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Thursday, January 08, 2015

Two Families

By Rick Blumenberg / @RickBlumenberg
This blog was originally posted as "Functional and Dysfunctional Families" but I really didn't like the title, so I've changed it. If you read it previously all that has changed is the title.
Recently a TV host called Thanksgiving “the most dysfunctional family holiday”. I assume he meant his own family, and projected that to others. On the other hand, it does seem many non-church families are dysfunctional. I don’t suggest church families are perfect, but the Bible, the church and her various groups (children, youth, men, ladies, mother’s, marriage, etc.) all work individually and collectively to strengthen families. No other organization in the world does as much to enhance family life as God’s church.
Years ago an unchurched young man came to church with one of our youth. Musically inclined, he played guitar with the youth and soon accepted Christ as Savior. He was so excited about what he had found he inspired our entire congregation, writing Gospel songs and performing them with a band he created for youth events.
But his mom was worried. She thought our church too extreme and might be a cult. She made him stop coming to church. I didn’t hear from him for months, but heard he was in a band and into drugs. When I saw his mother at a mall I asked how he was doing. Tears came to her eyes as she replied,
“Not good at all. I so wish he was back in your church.”
Godly families are made strong and loving by God Himself, God’s Word, and God’s church. God really cares about us and our families. (God loves families so much he designed the church on the family model!)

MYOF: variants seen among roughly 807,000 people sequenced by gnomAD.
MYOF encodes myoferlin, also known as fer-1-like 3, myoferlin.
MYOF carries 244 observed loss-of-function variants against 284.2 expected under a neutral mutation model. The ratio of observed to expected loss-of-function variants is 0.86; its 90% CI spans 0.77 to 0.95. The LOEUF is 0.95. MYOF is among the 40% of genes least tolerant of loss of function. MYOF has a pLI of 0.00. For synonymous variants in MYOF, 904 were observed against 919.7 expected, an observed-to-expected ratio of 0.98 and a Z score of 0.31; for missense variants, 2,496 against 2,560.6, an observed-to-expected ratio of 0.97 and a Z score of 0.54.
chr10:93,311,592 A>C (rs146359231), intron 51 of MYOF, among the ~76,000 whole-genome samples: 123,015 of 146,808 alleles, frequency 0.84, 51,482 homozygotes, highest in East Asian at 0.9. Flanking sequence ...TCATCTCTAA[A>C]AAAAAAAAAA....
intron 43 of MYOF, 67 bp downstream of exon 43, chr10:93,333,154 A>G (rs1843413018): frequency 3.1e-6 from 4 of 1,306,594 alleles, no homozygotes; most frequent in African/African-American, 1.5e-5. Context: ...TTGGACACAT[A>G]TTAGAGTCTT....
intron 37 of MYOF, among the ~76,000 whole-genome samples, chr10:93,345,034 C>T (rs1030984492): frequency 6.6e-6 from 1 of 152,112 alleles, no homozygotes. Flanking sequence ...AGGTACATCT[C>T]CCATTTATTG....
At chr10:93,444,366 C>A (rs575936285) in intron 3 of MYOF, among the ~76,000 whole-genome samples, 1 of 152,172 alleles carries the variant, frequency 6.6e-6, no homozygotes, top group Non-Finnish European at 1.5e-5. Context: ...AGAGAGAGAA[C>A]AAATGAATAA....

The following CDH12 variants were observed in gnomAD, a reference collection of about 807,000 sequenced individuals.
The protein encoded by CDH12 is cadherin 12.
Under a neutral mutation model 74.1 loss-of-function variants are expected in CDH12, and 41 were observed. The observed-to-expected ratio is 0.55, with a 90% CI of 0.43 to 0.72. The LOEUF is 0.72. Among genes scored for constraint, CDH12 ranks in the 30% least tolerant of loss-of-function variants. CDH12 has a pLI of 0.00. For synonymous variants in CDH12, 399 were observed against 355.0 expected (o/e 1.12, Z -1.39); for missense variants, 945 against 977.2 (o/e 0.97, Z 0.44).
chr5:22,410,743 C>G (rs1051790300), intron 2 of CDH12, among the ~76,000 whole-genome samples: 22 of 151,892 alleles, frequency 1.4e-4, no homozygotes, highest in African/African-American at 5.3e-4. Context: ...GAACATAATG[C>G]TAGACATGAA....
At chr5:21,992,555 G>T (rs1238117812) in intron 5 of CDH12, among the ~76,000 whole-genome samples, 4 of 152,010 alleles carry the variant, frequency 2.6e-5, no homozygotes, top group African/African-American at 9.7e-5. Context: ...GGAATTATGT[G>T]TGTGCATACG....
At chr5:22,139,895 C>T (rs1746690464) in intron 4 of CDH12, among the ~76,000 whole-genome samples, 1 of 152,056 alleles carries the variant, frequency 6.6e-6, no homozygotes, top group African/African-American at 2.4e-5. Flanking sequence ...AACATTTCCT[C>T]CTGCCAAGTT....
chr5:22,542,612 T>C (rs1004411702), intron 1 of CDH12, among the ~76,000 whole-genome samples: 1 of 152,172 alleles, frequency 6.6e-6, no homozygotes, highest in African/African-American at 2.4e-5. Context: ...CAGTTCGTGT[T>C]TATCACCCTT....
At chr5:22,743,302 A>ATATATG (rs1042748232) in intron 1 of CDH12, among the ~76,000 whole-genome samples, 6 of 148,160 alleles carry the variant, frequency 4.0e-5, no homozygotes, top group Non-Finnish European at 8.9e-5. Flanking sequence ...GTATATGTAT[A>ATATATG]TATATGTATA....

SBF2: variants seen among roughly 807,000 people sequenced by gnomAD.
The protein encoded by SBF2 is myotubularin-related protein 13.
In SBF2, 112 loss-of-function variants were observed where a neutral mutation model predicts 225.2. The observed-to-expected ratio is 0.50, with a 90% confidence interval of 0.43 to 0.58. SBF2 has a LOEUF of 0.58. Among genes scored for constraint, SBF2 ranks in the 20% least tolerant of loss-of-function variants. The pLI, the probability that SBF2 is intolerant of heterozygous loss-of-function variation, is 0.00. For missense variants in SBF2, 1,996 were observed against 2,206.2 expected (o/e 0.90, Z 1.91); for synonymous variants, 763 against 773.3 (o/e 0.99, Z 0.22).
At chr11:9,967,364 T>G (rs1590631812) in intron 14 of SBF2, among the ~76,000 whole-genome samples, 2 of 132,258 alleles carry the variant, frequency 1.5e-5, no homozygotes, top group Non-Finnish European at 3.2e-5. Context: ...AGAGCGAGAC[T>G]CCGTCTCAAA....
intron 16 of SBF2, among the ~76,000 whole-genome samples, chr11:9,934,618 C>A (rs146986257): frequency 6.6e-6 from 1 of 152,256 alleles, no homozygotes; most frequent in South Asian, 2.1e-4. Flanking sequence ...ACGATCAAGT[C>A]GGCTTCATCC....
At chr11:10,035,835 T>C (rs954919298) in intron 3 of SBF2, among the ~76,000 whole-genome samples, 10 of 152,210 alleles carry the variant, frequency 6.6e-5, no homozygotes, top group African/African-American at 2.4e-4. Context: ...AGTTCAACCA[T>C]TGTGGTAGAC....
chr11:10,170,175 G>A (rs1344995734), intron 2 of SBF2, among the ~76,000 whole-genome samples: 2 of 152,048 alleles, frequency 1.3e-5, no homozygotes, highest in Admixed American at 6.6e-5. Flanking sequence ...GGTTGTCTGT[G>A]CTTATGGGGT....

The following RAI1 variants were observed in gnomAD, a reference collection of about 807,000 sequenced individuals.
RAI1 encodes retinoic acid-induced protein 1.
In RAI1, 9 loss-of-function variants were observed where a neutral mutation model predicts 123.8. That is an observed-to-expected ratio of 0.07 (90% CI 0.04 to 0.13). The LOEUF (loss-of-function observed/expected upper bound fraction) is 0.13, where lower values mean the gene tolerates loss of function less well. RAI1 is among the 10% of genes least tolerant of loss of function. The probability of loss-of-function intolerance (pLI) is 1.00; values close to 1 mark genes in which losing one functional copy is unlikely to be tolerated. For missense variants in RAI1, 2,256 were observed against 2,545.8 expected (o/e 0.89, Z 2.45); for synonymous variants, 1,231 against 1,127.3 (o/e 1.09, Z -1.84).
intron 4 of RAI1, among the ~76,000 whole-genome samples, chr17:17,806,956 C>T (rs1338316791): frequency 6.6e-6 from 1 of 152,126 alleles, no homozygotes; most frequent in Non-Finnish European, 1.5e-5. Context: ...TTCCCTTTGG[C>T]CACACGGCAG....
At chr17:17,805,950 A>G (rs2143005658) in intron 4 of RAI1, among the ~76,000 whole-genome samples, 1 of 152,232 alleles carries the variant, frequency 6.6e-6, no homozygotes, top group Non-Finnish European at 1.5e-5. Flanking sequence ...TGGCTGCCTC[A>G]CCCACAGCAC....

Every family has a Heavenly Father who loves them supremely. Every child has an Elder Brother, Jesus, who looks out for them. Every family has God’s Spirit to lead, guide, encourage, teach, and love them unconditionally. And the church, the “Bride of Christ” is a loving mother. This spiritual family doesn’t compete with our earthly families but helps us be strong, functional families that bless each other and our various communities.
In spite of all the family help in the church, sometime we need extra help to be strong, healthy families. Psychological and counseling centers can really help in those situations, but even there most of the good ones are grounded in the Word of God and grow out of God’s church—either an extension of the church or a godly counselor who is part of a church.
It’s also a great family blessing when extended families are rooted in the church. I’m blessed to have that kind of family. My wife and I each came from multi-generational church-grounded families. Can you imagine what a blessing that is to us and our progeny? My Mom’s family, the Aringtons, have had family reunions since before 1869—we’re not sure when they began. This family has produced a multitude of minister’s and innumerable powerful lay leaders in the Church of God and several other churches. The Aringtons are about as “functional” as a family can be, not because they are all perfect people, but because they are rooted and grounded in God and his church. Whatever the name of the church they attend, they are usually highly involved and add to the richness and blessing of their congregation.
Do we have dysfunctional families in the church? Sure. (And we’re looking for more). All families have problems we don’t want—divorces, troubled children, alcoholics, recreational drugs—you name it, we probably have it or have had it in our families. But when we have problems we usually get our lives straightened out because our families and our churches love us and pray for us. God’s church impacts the family in powerful ways and I thank God for both—the church and the family—two of God’s greatest earthly blessings.
Of course, there are functional families outside the church, but percentage-wise there are fewer because it is so difficult without the help of God and his church.

The biggest difference between churched and unchurched families is that church families know God is on our side, not because we’re Christians—he loves us all. The difference is that we know He is pulling for us, we know he knows how to help, and we welcome his help.

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My View from Tanner Creek.

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